Understanding and expressing unconditional love—also called agape love—can be a lifelong quest. First, however, we must ask ourselves and others what it is. Is it an action, a universal energy, or a creative principle? And if we understand it, can its expression ever be realized, or is it simply a divine attribute?
These and other questions are addressed in an inspirational and practical style in this philosophical essay from Sir John Templeton. He seeks to define pure, unlimited love as the "transcendent power of divine love that expresses itself through our hearts and minds when we are open and receptive to it." Its greatest attributes are love, joy, peace, patience, kindness, goodness, faithfulness, gentleness, and self-control.
Another important concept is that God's love is given to us because we seek and accept it, not because we deserve it. It is the humble and sincere person who is most receptive to God's perfect love. This love can be awakened in other people through the action of love itself. We learn what it is from those who have it, and we can begin to recognize it through loving service to others.
Basic reality seems to be that the more you try to be like God by radiating unlimited love, the more you become flooded by waves of love from others and from God. Sir John summarizes with the statement, "How wonderful it would be if we could begin to say whenever we meet or depart, 'God loves you and I do too.'" This, in fact, is the essence of pure, unlimited love—a concept we can understand and can begin to practice in our daily lives. This thoughtful book can serve as an inspiration as well as a step-by-step guide on how to put this into practice.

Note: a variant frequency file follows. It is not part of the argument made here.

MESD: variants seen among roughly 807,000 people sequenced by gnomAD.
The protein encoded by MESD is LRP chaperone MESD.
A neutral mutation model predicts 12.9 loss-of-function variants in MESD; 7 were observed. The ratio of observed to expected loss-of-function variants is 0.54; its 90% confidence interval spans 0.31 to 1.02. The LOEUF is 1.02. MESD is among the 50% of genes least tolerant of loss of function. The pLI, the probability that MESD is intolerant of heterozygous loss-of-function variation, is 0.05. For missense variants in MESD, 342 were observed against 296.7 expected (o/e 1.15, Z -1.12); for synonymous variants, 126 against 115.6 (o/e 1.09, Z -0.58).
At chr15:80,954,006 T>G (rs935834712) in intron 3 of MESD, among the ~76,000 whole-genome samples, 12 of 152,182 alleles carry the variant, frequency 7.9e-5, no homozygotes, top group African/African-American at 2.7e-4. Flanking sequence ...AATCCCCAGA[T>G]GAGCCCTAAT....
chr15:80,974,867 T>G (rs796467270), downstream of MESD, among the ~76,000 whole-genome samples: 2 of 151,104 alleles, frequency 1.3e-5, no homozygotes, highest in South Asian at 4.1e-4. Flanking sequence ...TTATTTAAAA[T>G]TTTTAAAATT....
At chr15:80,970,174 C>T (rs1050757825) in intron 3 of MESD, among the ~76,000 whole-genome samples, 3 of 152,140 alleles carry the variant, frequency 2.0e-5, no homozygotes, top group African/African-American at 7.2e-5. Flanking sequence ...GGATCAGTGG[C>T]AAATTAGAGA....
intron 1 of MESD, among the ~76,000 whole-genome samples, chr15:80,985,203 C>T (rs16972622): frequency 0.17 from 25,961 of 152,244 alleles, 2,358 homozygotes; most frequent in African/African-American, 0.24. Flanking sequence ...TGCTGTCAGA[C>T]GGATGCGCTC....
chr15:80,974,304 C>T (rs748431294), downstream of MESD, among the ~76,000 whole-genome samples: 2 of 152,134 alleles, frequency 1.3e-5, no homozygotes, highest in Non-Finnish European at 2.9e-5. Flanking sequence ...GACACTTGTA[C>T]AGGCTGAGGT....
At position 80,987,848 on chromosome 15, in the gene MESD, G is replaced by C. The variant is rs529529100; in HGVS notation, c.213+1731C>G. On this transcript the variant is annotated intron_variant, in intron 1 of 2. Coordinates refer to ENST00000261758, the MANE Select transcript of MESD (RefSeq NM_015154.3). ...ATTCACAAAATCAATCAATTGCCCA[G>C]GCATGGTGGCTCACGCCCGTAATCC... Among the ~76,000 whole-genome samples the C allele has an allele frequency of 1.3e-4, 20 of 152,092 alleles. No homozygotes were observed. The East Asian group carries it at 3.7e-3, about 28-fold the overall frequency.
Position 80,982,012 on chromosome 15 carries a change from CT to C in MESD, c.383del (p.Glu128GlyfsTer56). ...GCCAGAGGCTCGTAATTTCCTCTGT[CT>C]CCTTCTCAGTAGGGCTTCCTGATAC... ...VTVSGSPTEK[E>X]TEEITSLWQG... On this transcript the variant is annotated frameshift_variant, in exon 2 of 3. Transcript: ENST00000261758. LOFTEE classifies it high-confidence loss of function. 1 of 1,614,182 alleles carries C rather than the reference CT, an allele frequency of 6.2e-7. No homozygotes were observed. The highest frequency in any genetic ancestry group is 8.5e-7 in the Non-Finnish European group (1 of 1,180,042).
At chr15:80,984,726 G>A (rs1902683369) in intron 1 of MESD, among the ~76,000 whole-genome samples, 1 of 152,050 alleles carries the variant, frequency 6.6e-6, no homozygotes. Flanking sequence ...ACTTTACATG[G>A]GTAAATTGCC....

As a pioneer in both financial investments and philanthropy, Sir John Templeton spent a lifetime encouraging open-mindedness. Templeton started his Wall Street career in 1937 and went on to create some of the world’s largest and most successful international investment funds, eventually earning the label of “arguably the greatest global stock picker of the century” from Money magazine. In 1972, he established the world’s largest annual award given to an individual: the £1,000,000 Templeton Prize. The Prize is intended to recognize exemplary achievement in work related to life’s spiritual dimension. Templeton also contributed a sizable amount of his fortune to the John Templeton Foundation, which he established in 1987. Templeton passed away in 2008, but the Foundation that bears his name continues to award millions of dollars in annual grants in pursuit of its mission to serve as a philanthropic catalyst for research on what scientists and philosophers call the “big questions.”